Recognize frame, then ‘unframe’

Frames are an important part of our lives. Indeed they are crucial elements of the mind’s architecture. They simplify things, we believe. They offer reference points. They abstract from the complex and offer something that’s manageable when it comes to dealing with the complexity.

An easy way to understand this is to look at a photograph. Another way is to use your camera or phone to take a picture. Both the before and after are instructive. Before we take a photograph we knowingly or unknowingly ‘frame’ things. We can take a photograph of a cat, a tree, a pebble, a crowd, a bridge or anything else, but we have to frame it.

Think of a cat-photo.We can ‘place’ the cat anywhere within the frame and that can make a difference. We could consider different angles which would give us the cat in different shapes. The amount of light and the shades of the cat and other objects within the frame would make for many options.

Perhaps we are only interested in the cat, but focusing on the creature will necessarily mean we leave other things out. Maybe if we looked around we might find something else that’s more compelling for capture. However, if we want the cat it’s the cat we will get. On the other hand, one could reason that the cat would be there later too, although ‘later’ might offer a different set of options in terms of light and shade, other elements within the frame, angle, etc. The cat-fixation could mean that we missed forever the rarest butterfly or the gaze of a girl from a window.

Now let’s consider ‘after.’ It’s framed. We focus on the visual and the text(s) therein. It’s all abstracted from the rest of the universe (of our concerns). Just for a moment, of course. Now we can see the cat, the play of light and shade, the juxtapositions, intended or otherwise.

And we can let our imagination wander. We can start with the ‘whatifs’ as certain critics often do. That angle instead of this, perhaps at a different time in the day, how about moving that saucer just a teeny bit nearer the cat, now if only it was a black cat and not white, would have been better if the cat was perched on a wall, stretching instead of crouched etc., etc. Why a cat, one can ask. What’s outside the room (outside the frame, essentially).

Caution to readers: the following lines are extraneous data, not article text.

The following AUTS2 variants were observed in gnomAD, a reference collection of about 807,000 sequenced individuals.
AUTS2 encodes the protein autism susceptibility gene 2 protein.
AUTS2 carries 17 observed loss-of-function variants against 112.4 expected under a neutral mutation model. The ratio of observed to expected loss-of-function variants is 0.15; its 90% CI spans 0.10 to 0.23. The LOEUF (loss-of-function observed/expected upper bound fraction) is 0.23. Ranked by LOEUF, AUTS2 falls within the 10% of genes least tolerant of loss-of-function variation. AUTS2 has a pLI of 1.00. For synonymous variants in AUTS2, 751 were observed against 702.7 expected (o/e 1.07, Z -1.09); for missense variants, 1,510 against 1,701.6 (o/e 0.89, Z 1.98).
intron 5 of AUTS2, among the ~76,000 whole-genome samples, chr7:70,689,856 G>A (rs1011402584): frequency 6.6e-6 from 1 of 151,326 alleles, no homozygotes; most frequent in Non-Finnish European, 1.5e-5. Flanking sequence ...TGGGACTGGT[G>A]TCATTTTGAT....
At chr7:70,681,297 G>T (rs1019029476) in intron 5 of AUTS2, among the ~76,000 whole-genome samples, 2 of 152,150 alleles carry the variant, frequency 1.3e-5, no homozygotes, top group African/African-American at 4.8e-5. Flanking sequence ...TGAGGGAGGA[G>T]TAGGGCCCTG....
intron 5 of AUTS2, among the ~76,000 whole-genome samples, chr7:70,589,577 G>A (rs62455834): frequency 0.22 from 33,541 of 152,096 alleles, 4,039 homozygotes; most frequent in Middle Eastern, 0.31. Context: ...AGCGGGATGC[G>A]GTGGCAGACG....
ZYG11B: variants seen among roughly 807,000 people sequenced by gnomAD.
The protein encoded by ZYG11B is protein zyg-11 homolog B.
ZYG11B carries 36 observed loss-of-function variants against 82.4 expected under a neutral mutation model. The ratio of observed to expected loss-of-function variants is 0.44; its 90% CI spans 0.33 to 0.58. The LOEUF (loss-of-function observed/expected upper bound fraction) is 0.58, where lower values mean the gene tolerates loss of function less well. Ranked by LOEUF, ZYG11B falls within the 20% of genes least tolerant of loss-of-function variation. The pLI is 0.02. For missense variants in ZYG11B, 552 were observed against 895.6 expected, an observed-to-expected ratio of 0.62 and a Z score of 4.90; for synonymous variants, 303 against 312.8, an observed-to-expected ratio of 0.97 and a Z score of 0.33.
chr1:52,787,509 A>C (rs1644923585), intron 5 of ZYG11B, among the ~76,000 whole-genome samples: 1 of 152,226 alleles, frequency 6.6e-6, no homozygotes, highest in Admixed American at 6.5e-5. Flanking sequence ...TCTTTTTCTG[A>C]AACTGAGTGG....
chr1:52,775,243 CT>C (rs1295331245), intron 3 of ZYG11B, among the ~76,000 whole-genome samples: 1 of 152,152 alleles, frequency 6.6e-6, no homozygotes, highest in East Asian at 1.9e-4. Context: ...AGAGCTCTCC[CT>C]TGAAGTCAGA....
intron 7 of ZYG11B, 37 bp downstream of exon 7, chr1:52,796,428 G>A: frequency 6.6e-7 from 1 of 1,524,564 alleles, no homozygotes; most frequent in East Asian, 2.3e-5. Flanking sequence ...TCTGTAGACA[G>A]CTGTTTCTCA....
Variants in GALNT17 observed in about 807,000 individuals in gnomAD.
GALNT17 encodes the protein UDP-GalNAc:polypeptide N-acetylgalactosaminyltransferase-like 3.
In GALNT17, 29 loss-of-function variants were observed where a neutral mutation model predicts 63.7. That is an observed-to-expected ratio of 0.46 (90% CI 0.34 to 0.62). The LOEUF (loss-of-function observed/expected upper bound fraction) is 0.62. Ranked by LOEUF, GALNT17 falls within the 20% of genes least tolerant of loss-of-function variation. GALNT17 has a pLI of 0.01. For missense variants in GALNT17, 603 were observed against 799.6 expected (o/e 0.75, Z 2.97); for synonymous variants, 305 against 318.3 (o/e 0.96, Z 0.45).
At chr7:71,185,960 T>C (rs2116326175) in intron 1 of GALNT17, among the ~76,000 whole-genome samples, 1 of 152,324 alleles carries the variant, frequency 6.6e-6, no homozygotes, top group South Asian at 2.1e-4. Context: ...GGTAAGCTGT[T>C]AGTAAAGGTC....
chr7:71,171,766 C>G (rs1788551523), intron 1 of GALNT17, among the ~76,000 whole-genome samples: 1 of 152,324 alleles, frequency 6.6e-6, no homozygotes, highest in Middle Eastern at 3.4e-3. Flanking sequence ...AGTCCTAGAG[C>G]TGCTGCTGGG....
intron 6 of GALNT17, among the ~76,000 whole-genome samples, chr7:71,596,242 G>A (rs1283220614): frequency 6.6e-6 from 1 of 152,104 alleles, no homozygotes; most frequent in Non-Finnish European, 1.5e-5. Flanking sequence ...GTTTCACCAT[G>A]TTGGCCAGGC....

The mind wanders. In and out of frame. The hard thing of course is to erase the frame altogether, to remove the (false) distinction of ‘inside’ and ‘outside,’ to recognize frames as transient entities, conveniences in fact, use them when you have to but always being conscious that they are by and large arbitrary.

Take this picture. It’s all about frames and reflections. Even the Buddha, symbolized by statue, is framed when the doctrine speaks of the subjectivity of frames. We ‘see’ the Buddha and miss the doctrine. Of course it is not that ‘seeing’ the doctrine should necessarily involve ‘unseeing’ the Buddha. We can note frame or rather be conscious of it, which, interestingly is not all that common a practice. The tendency is to see things as being (necessary) fixtures of a given landscape.

We see a child but cannot extrapolate to a wrinkled, bent-with-age, infirm version of a few decades later. We see an old woman and the lines that life has etched on her face stop us from seeing a young woman in love, a worry-free little girl skipping around a flower garden.

We are trapped in frames of time and space. Nothing wrong in that. No prescription comes labeled ‘Imperative.’

We can reflect though. We can retire frames and perhaps that’s one way of retiring reflection too.

Frames and Reflections
They are made for reference
conditional truths
the back and forth of gaze
the dull reproduction
relativity of size
transience of capture —
and hands clasped in worship
seeking the eyes
that would frames dissolve.


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